With that said, you wondering what Iím getting to. Silver is a way of getting around the controlling governments. If you control food, money, or energy, you can control the other two. If you control them, you control everything. Iím not trying to change the system, Iím stepping out of it, okay. Iím not going to fight the Federal Reserve. Iím not going to fight the laws theyíre govern in place, Iím just going to make them irrelevant to my life because we are empowering all of that. Itís not them, itís us. Weíre doing because we agree to, right?

Iím already doing trade with silver. I have a process that if people want to send me in their old generic coins, or silver they donít want, I then give them back per diems, at a rate, right? A cost, but thereís a step up. These per diems are selling at 40-60% over stock, so Iím already trading in silver.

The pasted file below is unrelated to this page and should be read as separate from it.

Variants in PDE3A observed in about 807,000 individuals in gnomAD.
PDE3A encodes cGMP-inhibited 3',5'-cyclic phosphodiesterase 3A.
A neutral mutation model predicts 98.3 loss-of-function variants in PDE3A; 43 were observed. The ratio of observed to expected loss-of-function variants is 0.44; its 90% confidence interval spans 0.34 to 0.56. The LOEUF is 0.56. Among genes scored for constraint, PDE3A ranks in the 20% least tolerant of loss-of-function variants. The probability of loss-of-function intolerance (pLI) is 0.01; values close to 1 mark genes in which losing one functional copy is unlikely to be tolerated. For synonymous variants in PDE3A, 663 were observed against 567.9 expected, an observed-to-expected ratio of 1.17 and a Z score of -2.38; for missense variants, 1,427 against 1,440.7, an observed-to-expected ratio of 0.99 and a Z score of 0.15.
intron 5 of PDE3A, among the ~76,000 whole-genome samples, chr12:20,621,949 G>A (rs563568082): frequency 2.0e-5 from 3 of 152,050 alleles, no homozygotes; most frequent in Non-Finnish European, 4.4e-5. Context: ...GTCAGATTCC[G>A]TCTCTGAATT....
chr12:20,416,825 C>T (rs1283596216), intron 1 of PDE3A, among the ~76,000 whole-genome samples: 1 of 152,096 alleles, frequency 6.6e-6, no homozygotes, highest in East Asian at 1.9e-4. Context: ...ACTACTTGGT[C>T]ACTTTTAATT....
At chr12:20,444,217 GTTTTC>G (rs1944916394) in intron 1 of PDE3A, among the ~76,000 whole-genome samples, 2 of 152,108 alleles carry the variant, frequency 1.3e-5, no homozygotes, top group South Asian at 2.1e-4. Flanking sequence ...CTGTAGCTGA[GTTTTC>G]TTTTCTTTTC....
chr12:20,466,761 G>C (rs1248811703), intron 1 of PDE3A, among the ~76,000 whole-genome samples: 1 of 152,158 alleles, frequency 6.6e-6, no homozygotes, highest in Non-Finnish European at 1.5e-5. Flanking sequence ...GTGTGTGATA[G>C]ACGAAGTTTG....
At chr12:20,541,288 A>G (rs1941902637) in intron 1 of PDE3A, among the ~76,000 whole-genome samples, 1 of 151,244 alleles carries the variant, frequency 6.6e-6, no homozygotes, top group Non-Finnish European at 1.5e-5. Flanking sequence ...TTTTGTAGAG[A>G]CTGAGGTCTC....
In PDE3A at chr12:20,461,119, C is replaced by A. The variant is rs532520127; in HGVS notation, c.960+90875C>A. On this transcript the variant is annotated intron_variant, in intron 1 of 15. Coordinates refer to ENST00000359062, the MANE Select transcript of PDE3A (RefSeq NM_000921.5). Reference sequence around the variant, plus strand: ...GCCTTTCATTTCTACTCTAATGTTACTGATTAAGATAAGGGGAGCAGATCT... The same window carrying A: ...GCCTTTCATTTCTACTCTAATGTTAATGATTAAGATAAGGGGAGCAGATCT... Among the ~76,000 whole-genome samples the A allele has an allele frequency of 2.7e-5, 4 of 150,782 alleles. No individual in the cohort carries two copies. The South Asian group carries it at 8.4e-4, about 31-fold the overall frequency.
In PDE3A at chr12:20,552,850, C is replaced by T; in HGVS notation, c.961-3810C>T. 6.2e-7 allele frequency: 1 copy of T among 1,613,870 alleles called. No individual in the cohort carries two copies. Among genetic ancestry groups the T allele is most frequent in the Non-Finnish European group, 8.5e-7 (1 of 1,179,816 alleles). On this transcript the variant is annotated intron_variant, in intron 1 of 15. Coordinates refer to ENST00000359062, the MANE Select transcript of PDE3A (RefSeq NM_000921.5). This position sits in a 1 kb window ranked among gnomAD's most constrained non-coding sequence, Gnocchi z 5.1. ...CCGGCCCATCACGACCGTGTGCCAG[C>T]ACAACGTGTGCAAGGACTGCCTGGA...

Jeffrey: Yeah, this has been not only something thatís really cool and a fun hobby, or passion, but itís something that allows you to do what all of us, in a way, where weíre giving ourselves an opportunity to step out of the system, or step aside, and itís a beautiful thing.

Bill: Yeah and I see no reason to fight it. I think over time and history as shown that, that doesnít work, so why do it?

Jeffrey: Well, I thank you really. This has been great Bill. What Iíll do is post this somewhere in the forum and Iím sure thereíll be some more questions after we post it, but in the meantime, let me just repeat the website where you can go and see these and/or get in contact with Bill directly. Itís

Bill: Correct.

Jeffrey: Iíve seen the website. Itís very simple to navigate.

Bill: Thank you.

Jeffrey: I appreciate it.

Bill: It has been fun.

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 -- Published: Monday, 1 February 2016 | E-Mail  | Print  | Source: